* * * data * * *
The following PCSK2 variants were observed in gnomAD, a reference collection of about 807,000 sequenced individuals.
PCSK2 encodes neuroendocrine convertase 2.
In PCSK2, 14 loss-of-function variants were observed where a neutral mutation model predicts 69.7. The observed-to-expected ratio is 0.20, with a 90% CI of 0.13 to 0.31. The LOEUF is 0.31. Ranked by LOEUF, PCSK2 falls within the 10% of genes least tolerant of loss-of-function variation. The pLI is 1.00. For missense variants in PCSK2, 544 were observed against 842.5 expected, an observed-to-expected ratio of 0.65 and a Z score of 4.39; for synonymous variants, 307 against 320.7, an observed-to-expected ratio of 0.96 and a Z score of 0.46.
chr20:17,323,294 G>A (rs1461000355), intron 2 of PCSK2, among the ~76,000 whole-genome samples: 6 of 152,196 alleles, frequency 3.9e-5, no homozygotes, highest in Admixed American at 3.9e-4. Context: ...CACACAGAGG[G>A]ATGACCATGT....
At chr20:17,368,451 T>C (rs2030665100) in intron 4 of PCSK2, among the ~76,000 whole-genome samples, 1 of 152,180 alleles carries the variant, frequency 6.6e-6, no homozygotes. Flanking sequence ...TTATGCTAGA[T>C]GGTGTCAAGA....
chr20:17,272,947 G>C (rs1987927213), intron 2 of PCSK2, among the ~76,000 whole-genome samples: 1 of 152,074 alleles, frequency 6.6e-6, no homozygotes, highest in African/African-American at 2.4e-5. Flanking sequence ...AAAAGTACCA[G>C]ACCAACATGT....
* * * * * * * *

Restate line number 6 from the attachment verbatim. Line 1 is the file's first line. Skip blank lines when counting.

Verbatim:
chr20:17,272,947 G>C (rs1987927213), intron 2 of PCSK2, among the ~76,000 whole-genome samples: 1 of 152,074 alleles, frequency 6.6e-6, no homozygotes, highest in African/African-American at 2.4e-5. Flanking sequence ...AAAAGTACCA[G>C]ACCAACATGT....